Sunday, February 6, 2011

Black History Month Reflection - Black Writers Who Have Influenced Me

Black History Month has new significance to me each year. This particular Black History Month, 2011, I would like to pay hommage to the Black Writers who have influenced and inspired me with their words through the various stages of my growth as a writer.

Inspiration is a difficult thing to describe--but something I can't deny when I feel it. Whether it comes from music, a conversation, an observation, or deliberate instruction, inspiration as a writer is the moving spirit that leads you directly to the nearest computer, notepad, or BlackBerry to jot down your thoughts and your plan to develop them.

As a writer, I seldom have a specific method to my literary madness. There's no set writing "time," writing "place," or writing "process." When the inspiration hits me...I write.

And so I often find myself seeking inspiration in experiences: concerts, travel, music, productions, new friendships, or by witnessing the legacies and creations of those writers who came before me.


(1992-1996 - high school) - During this stage of my life, I began to share my writing with others for the first time. After years of writing for hobby, I felt it was time to print and disseminate my words to my peers and classmates.

After reading Terry McMillan's novel Mama, I felt an instant connection to her mission. She was writing from the soul, she was writing in her native cadence, and she was unapologetic about the natural flow and mannerisms of her characters. Up until that point I had been "trying" to make my characters sound and act a particular way.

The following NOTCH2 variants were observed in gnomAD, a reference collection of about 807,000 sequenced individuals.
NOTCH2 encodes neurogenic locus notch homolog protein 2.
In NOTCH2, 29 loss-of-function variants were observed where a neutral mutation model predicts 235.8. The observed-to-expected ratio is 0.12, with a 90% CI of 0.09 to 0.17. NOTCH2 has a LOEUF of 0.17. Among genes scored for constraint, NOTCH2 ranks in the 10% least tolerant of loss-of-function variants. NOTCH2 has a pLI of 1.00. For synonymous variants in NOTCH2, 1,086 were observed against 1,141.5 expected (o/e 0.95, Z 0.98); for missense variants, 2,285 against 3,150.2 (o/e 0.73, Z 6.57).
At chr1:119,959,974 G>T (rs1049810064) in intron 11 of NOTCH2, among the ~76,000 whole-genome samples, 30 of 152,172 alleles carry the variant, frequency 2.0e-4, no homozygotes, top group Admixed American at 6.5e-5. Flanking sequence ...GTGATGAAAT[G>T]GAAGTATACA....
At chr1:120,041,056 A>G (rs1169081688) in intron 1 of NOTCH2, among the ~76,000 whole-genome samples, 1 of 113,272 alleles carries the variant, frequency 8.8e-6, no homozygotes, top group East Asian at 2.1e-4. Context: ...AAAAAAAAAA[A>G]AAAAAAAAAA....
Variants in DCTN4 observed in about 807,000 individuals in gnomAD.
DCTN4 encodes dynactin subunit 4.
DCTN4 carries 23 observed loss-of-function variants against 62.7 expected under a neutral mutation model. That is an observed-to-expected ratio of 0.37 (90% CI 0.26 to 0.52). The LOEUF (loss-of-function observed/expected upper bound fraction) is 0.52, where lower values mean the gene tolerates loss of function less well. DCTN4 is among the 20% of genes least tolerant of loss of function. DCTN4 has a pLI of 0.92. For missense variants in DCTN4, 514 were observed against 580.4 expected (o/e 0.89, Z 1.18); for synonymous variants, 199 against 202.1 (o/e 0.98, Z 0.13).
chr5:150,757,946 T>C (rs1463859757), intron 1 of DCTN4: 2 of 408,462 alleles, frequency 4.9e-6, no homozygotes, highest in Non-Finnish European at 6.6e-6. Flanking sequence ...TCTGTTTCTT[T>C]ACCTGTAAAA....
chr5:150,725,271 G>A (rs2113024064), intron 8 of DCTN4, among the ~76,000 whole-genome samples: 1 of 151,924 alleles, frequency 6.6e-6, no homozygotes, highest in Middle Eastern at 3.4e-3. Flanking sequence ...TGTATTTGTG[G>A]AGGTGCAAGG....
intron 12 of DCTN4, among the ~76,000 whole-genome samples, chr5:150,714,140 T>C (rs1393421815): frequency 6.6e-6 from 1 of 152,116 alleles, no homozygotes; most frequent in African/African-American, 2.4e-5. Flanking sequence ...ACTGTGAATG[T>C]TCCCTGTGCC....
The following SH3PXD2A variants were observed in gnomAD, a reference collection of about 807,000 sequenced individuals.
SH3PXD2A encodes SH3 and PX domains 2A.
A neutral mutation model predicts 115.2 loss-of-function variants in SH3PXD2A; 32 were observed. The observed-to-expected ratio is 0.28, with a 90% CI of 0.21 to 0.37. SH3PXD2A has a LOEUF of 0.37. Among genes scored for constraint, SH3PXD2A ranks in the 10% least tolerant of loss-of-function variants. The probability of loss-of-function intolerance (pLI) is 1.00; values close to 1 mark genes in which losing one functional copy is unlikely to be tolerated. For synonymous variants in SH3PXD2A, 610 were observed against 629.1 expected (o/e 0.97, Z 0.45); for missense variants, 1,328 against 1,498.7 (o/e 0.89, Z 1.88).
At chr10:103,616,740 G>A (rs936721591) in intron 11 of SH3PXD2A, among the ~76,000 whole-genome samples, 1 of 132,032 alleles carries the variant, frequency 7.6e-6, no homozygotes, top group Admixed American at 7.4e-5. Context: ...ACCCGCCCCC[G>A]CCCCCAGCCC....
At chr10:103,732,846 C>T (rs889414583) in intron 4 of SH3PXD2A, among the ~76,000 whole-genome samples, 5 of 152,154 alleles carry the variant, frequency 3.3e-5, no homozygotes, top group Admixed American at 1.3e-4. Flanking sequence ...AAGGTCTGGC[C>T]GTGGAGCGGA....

Terry McMillan influenced me to just be me. To write from a place of experience, to write in the dialect and "Canadian-ness" of my surroundings, and to do so without hesitation.

McMillan, a journalism major from UC Berkeley, self-published her first novel, and through interactions with the Harlem Writer's Guild and various granting and scholarship programs, gained the recognition from Doubleday agent Molly Friedrich, who assisted her on her journey to becoming a best-selling author.

Her stories have spoke to women everywhere. From Waiting to Exhale, How Stella Got Her Groove Back, and her most recent book, Getting to Happy, her strong female characters have inspired self-liberation, blockbuster movies, and mass-pilgrammages to Jamaica looking for

What I love about Terry McMillan is that she is who she is. Her courage to just BE, allows me to also let go of my apprehensions and allow my writing to speak as it is intended: in it's natural form.

JOHN SINGLETON, Screenwriter

(1997-2001 - university) - I love Boyz in the Hood, Higher Learning, Poetic Justice, and Baby Boy because they defined an era of popular black films. Screenwriter and filmmaker John Singleton, helped to frame our perception of ourselves (as young blacks) and also gave society a glimpse into the lifestyles of this demographic.